Robert Feinberg, Chicago: Enjoyed your article on the V.A. My own experience as a retired naval officer differs. While I have had some positive experiences with V.A. care, on the whole, I have found the system still reflective of the old stereotypes. ... The fact is, among the retired officer community, most of us will do almost anything not to use the V.A. system .... But I am glad that it exists to provide care for those less fortunate ... By the way, did you know that the V.A. treats service-connected conditions only and that an entire generation of vets have no carte blanche access to the system? ...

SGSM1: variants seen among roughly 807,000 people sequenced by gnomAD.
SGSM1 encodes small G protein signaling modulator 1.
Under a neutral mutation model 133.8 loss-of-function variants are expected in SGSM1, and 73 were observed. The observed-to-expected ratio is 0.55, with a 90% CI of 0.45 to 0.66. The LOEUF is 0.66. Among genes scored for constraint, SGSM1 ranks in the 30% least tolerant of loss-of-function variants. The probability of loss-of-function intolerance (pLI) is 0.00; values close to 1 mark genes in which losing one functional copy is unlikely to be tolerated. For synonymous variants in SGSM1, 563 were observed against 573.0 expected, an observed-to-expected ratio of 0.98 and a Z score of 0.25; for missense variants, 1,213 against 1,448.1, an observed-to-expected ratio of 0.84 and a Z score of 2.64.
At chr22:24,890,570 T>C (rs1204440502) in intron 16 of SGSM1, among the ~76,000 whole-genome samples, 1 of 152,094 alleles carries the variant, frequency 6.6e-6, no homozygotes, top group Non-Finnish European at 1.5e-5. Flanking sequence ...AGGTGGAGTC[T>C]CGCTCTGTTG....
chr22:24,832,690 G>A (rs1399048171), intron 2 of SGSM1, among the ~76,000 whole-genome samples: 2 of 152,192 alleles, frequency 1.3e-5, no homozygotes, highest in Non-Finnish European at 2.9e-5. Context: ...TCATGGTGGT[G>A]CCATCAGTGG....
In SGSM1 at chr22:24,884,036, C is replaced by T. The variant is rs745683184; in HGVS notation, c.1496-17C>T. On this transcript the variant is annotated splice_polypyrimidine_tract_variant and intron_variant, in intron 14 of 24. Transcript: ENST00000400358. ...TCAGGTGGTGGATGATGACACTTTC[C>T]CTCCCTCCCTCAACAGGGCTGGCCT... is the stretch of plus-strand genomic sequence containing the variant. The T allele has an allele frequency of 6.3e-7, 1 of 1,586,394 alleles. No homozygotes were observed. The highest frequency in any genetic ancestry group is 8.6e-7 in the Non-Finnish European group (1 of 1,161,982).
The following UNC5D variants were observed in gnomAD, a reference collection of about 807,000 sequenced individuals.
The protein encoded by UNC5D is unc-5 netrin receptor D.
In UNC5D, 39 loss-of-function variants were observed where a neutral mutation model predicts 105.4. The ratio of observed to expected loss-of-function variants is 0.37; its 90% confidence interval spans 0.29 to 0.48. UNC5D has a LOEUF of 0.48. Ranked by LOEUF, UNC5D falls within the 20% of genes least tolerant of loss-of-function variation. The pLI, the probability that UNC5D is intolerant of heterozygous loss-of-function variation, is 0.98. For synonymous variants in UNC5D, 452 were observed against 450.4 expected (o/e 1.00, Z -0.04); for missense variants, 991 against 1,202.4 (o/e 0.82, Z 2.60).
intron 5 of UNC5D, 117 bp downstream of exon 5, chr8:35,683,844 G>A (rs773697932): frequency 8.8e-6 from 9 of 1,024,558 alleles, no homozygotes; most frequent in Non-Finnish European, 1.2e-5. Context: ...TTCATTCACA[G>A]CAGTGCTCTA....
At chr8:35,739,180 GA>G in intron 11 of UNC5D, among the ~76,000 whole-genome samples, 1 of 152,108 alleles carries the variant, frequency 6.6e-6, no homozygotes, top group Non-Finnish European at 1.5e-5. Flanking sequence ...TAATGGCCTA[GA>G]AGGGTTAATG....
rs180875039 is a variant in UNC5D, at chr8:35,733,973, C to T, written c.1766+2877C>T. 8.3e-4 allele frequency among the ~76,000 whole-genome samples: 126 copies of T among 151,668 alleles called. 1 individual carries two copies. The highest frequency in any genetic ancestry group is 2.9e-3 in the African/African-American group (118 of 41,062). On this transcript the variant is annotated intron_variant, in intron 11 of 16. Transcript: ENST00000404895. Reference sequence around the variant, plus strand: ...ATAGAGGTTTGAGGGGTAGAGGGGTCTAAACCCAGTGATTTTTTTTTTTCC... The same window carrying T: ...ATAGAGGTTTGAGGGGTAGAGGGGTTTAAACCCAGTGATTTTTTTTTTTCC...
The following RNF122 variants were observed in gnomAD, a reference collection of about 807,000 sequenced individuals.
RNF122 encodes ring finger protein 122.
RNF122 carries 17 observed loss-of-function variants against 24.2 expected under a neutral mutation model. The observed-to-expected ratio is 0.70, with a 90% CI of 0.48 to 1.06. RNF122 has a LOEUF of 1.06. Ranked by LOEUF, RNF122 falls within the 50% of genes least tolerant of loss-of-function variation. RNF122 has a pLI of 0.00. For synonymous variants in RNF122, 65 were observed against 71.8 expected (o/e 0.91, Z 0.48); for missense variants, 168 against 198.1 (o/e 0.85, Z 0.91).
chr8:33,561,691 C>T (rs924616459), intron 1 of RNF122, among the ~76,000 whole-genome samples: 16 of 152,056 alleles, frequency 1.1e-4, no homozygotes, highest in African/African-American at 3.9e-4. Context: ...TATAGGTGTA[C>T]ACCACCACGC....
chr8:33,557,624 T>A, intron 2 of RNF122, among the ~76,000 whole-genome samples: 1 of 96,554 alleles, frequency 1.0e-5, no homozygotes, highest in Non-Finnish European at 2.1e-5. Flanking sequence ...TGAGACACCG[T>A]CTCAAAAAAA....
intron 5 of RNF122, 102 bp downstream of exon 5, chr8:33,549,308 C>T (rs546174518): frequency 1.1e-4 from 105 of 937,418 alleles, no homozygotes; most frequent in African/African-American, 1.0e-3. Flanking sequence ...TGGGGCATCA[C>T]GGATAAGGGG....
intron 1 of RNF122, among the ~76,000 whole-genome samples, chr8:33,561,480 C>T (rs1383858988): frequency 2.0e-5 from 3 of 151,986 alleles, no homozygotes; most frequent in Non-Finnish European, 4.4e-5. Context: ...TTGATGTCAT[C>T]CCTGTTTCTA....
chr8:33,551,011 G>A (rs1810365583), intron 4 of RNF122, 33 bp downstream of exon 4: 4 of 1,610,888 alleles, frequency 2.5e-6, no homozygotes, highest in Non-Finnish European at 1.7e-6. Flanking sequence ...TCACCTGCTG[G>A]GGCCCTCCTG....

Tom Lewis, Colebrook, Conn.: You missed one important point about the VHA. It emphatically does not serve all veterans. It means-tests them and serves generally the oldest, sickest and poorest. This makes its mission far harder because it does not cherry-pick the way the privatized, insured health care system does. With that in mind, it is an even more interesting model for a national health care system. On the other hand, all of its statistics are self-reported. I'm told that some V.H.A. institutions cook their statistics. There is no federal health care oversight agency for any of the federal health care agencies: D.O.D., prisons, V.H.A., etc. Bear in mind also, that the V.H.A. is very bureaucratic. Patients get bumped around a lot in the course of care. And access and quality of care vary considerably. The south and southwest are underbedded. The northeast and rust belt are wrongly bedded. Many vets do not have access to V.H.A. medical centers or clinics. Inpatient mental health care, for example, can be very uneven. (The writer is the former director of the New York State Division of Veterans Affairs.)